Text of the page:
Have your children shown an interest in anime or manga, but you aren't sure what is appropriate? We've got anime recommendations for first-time viewers from Common Sense Media and manga recommendations for first-time readers from Brigid Alverson of Good Comics for Kids.
Midtown Comics, which has four retail locations in Manhattan, as well as an online store, sells everything from comic books, anime, and manga to movies and action figures.
There is so much great anime out there for kids, both television and film. But for kids just getting into anime (or their curious parents) the obvious question is where to begin. We rounded up some family-friendly choices to get you started.
The Secret World of Arrietty (G) was released by Disney in 2010. The film, based on The Borrowers, follows the story of the 4-inch-tall Clock family, living anonymously in a (regular-sized) family residence. But life changes when a human boy discovers Arrietty.
In My Neighbor Totoro (G), two girls move to the country to live with their sick mother, and have colorful, visually stunning adventures with spirits living in the nearby forest.
Common Sense Media rated the TV show Avatar: The Last Airbender (available on DVD) highly for ages 8 and older, calling the series “a fine pick for grade-schoolers.” The epic martial arts tale has a lot of action, along with a rich plot and well-developed fantasy material to back it up.
CSM highly recommends the series The Legend of Korra on Nickelodeon for kids 8 and older, praising the show’s strong heroine and positive messages. A sequel series to Avatar, the show follows Korra as she tries to follow her mentor’s teachings, and combines action and humor in a way that should appeal to all viewers.
For more selections, and ratings, visit Common Sense Media at commonsensemedia.org.
Brigid Alverson, head editor of Good Comics for Kids, published by the School Library Journal, shares her suggestions for
Yotsuba&! is everybody’s favorite all-ages manga. It’s the story of a 5-year-old girl who is simply curious about everything and frequently misunderstands things in humorous ways. The stories are short and self-contained, and the art is wonderful; this is that rare book that both kids and adults can enjoy.
Chi’s Sweet Home is a manga that is very accessible to non-Japanese readers because it is not only flipped (so it reads left to right) but also printed in color. It’s about a curious, mischievous cat and the family she lives with, and the manga is broken up into very short stories.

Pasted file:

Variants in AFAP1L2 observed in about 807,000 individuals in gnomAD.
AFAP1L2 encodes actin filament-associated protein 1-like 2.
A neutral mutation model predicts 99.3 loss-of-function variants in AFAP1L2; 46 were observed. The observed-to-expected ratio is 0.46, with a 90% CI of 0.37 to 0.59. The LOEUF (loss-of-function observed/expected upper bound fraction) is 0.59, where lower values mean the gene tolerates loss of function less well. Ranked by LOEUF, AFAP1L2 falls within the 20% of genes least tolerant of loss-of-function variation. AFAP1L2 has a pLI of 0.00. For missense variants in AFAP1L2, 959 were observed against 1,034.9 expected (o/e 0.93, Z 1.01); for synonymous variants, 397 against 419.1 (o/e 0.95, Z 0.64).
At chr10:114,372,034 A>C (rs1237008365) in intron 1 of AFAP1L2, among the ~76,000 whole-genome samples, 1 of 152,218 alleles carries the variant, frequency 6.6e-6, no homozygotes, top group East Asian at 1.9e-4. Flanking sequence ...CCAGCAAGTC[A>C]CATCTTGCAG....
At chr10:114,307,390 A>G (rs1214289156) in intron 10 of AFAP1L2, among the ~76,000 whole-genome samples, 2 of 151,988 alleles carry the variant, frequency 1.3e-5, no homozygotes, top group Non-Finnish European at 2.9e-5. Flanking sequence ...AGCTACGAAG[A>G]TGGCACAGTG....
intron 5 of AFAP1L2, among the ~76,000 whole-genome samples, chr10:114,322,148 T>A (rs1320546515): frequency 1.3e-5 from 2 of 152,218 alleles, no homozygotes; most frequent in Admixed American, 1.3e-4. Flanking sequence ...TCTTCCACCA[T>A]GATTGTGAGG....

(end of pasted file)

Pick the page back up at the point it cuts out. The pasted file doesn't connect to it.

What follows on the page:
Chikyu Misaki is a charming three-volume series about two girls who find a Loch Ness monster-type creature that turns into a little boy, and a rich girl who is kidnapped by bumbling criminals. It’s a lot like a children’s adventure movie, although there is a bit of nonsexual nudity and a few adult references. It’s out of print but readily available on Amazon (and, most likely, through your local library).
Hikaru no Go is a typical shonen battle manga, except the battles are games of Go, a traditional Japanese board game. Hikaru, an ordinary middle-school boy, finds an old Go board and unlocks the ghost of an ancient Go master who guides him through a series of tournaments. This book is exceptionally well written, and the art is fantastic.
Sugar Sugar Rune tells the story of two witches, Vanilla and Chocolat, who are on a quest to see who can collect the most hearts and thus become queen of the witch world.
Kitchen Princess is a very typical shojo manga: It’s about a sweet girl who is surrounded by guys and makes everything better with her sweetness. In this case, Najika, the heroine, is an excellent cook, so this is sort of a foodie manga for tweens.
Twin Spica is a great story about a young girl who goes to astronaut school. She has all sorts of entanglements: Her father designed rockets, her mother was killed in an accident when a rocket fell to earth, and her closest friend is the ghost of the astronaut who was killed in that accident (who always wears a lion’s head). It’s beautifully drawn and a classic kids’ story of the plucky heroine who is determined to succeed.
For older readers (12 and older) I would also recommend Arisa, a school mystery by the creator of Kitchen Princess; Alice in the Country of Hearts, a manga that starts with Lewis Carroll’s classic and makes it even crazier; Cross Game, a story about baseball…and love; One Piece, a pirate adventure story; and Fairy Tail, a wacky action manga.